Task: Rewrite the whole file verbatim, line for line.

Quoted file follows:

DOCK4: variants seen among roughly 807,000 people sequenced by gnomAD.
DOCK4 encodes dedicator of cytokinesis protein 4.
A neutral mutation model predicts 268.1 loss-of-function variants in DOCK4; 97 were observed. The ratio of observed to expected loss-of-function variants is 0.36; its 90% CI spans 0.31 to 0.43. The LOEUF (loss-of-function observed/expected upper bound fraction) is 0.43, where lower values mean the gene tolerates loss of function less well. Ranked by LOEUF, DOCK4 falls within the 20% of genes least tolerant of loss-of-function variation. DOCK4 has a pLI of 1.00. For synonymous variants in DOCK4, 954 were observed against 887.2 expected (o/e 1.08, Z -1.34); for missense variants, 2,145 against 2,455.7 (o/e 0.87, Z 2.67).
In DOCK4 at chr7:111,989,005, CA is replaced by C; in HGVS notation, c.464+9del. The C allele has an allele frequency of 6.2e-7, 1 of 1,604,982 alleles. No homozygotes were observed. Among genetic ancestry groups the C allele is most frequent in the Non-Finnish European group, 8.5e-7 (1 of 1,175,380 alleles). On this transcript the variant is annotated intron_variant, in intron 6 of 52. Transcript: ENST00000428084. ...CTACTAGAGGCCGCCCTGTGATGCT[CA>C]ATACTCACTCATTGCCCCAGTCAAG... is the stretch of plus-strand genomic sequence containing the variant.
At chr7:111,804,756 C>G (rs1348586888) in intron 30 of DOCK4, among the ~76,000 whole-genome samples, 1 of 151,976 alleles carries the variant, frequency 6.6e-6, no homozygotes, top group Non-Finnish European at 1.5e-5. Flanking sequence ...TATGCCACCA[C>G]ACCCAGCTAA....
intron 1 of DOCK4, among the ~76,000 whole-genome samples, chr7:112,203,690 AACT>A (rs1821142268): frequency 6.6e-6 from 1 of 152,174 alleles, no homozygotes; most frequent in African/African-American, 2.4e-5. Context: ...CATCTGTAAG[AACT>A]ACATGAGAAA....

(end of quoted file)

DOCK4: variants seen among roughly 807,000 people sequenced by gnomAD.
DOCK4 encodes dedicator of cytokinesis protein 4.
A neutral mutation model predicts 268.1 loss-of-function variants in DOCK4; 97 were observed. The ratio of observed to expected loss-of-function variants is 0.36; its 90% CI spans 0.31 to 0.43. The LOEUF (loss-of-function observed/expected upper bound fraction) is 0.43, where lower values mean the gene tolerates loss of function less well. Ranked by LOEUF, DOCK4 falls within the 20% of genes least tolerant of loss-of-function variation. DOCK4 has a pLI of 1.00. For synonymous variants in DOCK4, 954 were observed against 887.2 expected (o/e 1.08, Z -1.34); for missense variants, 2,145 against 2,455.7 (o/e 0.87, Z 2.67).
In DOCK4 at chr7:111,989,005, CA is replaced by C; in HGVS notation, c.464+9del. The C allele has an allele frequency of 6.2e-7, 1 of 1,604,982 alleles. No homozygotes were observed. Among genetic ancestry groups the C allele is most frequent in the Non-Finnish European group, 8.5e-7 (1 of 1,175,380 alleles). On this transcript the variant is annotated intron_variant, in intron 6 of 52. Transcript: ENST00000428084. ...CTACTAGAGGCCGCCCTGTGATGCT[CA>C]ATACTCACTCATTGCCCCAGTCAAG... is the stretch of plus-strand genomic sequence containing the variant.
At chr7:111,804,756 C>G (rs1348586888) in intron 30 of DOCK4, among the ~76,000 whole-genome samples, 1 of 151,976 alleles carries the variant, frequency 6.6e-6, no homozygotes, top group Non-Finnish European at 1.5e-5. Flanking sequence ...TATGCCACCA[C>G]ACCCAGCTAA....
intron 1 of DOCK4, among the ~76,000 whole-genome samples, chr7:112,203,690 AACT>A (rs1821142268): frequency 6.6e-6 from 1 of 152,174 alleles, no homozygotes; most frequent in African/African-American, 2.4e-5. Context: ...CATCTGTAAG[AACT>A]ACATGAGAAA....